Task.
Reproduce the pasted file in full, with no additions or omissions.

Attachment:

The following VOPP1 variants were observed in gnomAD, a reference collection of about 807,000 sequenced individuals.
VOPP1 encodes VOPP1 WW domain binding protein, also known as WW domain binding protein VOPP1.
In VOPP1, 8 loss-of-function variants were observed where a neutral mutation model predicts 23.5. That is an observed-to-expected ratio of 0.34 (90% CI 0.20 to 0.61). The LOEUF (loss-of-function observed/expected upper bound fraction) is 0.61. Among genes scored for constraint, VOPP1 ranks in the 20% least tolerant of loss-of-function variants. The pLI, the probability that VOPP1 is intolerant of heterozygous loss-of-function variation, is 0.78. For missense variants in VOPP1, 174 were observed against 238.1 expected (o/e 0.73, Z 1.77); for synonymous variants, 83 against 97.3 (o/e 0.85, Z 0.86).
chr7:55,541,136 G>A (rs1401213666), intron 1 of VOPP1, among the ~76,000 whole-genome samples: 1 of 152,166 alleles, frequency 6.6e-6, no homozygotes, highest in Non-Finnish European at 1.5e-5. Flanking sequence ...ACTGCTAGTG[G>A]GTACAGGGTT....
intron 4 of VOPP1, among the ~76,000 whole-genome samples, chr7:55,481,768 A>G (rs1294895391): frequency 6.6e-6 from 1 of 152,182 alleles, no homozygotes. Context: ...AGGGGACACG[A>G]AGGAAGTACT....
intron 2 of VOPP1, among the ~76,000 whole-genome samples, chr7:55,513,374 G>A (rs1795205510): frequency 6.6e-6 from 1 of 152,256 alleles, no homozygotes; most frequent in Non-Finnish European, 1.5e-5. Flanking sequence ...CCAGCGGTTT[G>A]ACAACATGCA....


The following VOPP1 variants were observed in gnomAD, a reference collection of about 807,000 sequenced individuals.
VOPP1 encodes VOPP1 WW domain binding protein, also known as WW domain binding protein VOPP1.
In VOPP1, 8 loss-of-function variants were observed where a neutral mutation model predicts 23.5. That is an observed-to-expected ratio of 0.34 (90% CI 0.20 to 0.61). The LOEUF (loss-of-function observed/expected upper bound fraction) is 0.61. Among genes scored for constraint, VOPP1 ranks in the 20% least tolerant of loss-of-function variants. The pLI, the probability that VOPP1 is intolerant of heterozygous loss-of-function variation, is 0.78. For missense variants in VOPP1, 174 were observed against 238.1 expected (o/e 0.73, Z 1.77); for synonymous variants, 83 against 97.3 (o/e 0.85, Z 0.86).
chr7:55,541,136 G>A (rs1401213666), intron 1 of VOPP1, among the ~76,000 whole-genome samples: 1 of 152,166 alleles, frequency 6.6e-6, no homozygotes, highest in Non-Finnish European at 1.5e-5. Flanking sequence ...ACTGCTAGTG[G>A]GTACAGGGTT....
intron 4 of VOPP1, among the ~76,000 whole-genome samples, chr7:55,481,768 A>G (rs1294895391): frequency 6.6e-6 from 1 of 152,182 alleles, no homozygotes. Context: ...AGGGGACACG[A>G]AGGAAGTACT....
intron 2 of VOPP1, among the ~76,000 whole-genome samples, chr7:55,513,374 G>A (rs1795205510): frequency 6.6e-6 from 1 of 152,256 alleles, no homozygotes; most frequent in Non-Finnish European, 1.5e-5. Flanking sequence ...CCAGCGGTTT[G>A]ACAACATGCA....